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|Apr 30, 2023 at 3:37 p.m.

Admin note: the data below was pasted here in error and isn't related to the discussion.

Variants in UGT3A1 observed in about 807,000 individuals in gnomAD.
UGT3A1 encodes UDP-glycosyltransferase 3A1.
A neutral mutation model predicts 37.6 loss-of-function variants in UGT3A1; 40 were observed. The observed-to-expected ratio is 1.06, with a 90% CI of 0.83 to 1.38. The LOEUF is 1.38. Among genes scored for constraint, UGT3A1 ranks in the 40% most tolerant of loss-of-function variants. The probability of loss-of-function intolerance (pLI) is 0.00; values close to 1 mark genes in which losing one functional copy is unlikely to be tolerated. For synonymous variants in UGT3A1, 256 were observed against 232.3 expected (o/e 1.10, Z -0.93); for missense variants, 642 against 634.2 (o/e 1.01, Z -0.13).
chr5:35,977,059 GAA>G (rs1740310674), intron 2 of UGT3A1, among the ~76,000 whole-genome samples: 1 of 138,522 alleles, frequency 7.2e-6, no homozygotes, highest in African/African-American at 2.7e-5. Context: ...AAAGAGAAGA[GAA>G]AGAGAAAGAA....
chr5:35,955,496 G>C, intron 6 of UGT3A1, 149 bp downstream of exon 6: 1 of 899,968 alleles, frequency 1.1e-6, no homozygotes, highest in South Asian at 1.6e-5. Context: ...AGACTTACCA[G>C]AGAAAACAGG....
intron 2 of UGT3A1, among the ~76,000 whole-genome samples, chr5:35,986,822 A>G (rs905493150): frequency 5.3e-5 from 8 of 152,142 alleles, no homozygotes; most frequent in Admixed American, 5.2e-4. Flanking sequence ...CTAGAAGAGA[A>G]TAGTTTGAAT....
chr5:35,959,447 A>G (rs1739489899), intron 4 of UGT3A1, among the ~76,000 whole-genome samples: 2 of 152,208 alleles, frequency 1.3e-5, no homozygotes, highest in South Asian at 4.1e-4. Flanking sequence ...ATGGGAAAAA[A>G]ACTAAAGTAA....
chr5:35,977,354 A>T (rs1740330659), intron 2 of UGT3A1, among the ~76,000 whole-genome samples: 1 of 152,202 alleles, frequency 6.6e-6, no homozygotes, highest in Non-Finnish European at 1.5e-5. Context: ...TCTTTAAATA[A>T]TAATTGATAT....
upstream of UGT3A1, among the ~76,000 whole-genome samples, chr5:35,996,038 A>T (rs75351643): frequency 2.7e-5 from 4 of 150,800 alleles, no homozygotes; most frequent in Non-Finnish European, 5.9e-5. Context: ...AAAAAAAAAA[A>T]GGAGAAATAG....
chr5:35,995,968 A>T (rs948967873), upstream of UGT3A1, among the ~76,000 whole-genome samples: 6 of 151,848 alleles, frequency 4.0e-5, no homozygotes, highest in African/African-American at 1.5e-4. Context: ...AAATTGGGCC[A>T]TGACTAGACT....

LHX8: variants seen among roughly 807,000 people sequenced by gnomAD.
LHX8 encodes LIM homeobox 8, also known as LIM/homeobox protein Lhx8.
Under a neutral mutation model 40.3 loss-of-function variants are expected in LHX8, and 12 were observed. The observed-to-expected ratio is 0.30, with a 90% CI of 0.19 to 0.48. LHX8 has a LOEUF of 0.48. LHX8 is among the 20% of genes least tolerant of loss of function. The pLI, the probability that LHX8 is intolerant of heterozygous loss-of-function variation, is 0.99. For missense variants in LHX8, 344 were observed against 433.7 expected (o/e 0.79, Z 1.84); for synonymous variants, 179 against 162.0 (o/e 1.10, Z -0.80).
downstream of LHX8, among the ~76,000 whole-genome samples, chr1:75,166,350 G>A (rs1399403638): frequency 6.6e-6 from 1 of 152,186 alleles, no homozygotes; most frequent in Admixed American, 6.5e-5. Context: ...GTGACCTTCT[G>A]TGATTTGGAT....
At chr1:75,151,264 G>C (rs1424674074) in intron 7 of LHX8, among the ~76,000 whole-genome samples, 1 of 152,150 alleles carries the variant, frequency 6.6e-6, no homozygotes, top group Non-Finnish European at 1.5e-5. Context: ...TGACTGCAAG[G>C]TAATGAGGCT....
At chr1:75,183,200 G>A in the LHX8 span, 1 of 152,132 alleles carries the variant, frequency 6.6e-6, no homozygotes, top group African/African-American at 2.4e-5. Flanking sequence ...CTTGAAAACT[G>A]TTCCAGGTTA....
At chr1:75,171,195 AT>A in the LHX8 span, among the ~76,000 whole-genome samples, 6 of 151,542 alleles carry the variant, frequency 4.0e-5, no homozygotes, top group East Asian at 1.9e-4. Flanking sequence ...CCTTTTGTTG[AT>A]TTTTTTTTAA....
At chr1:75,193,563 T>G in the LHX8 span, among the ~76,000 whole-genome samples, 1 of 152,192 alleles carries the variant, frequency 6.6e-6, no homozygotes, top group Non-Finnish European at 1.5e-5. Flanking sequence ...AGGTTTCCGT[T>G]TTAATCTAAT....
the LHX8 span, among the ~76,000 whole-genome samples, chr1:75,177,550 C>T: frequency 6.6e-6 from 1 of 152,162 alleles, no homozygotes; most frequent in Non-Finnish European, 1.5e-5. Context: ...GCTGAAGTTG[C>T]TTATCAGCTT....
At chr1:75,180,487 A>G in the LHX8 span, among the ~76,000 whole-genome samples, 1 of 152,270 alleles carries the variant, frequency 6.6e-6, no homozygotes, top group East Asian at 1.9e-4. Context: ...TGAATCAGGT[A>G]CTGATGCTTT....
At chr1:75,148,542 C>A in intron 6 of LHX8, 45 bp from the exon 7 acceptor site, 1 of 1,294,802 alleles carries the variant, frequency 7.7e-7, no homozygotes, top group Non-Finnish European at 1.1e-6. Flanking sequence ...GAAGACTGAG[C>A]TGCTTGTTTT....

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Non-perennial headwaters experience extremes in flow conditions that likely influence carbon fate. As surface waters contract through dry periods, reconnect during storms, and re-expand or dry again, there is a great deal of variability in carbon emissions and export. We measured discharge, dissolved oxygen (DO), carbon dioxide (CO2), and dissolved organic carbon (DOC) continuously in a persistent pool at the base of a non-perennial, forested headwater stream in the southeastern United States to characterize how flow changes affect carbon emissions and export as the stream expands and shrinks. We also compared carbon concentrations and export during different stream flow categories before and after fall wet-up. CO2 concentrations were high when discharge was lowest (median = 10.2 mg L-1) and low during high flows (3.2 mg L-1) and storms (1.1 mg L-1). High CO2 concentrations led to high emissions on a per area basis during low flow times, but whole-channel stream CO2 emissions were limited by the small surface area of the stream during periods of surface water disconnection. DOC concentration varied by season (range = 0.1 - 16.2 mg L-1) with large pulses during smaller summer storms. We found that CO2 and DOC concentrations differed among binned stages of stream flow. As non-perennial streams become more prevalent across the southeastern United States due to shifts in climate, the relationships between flow and carbon movement into and out of stream networks will become increasingly critical to understanding stream carbon biogeochemistry.
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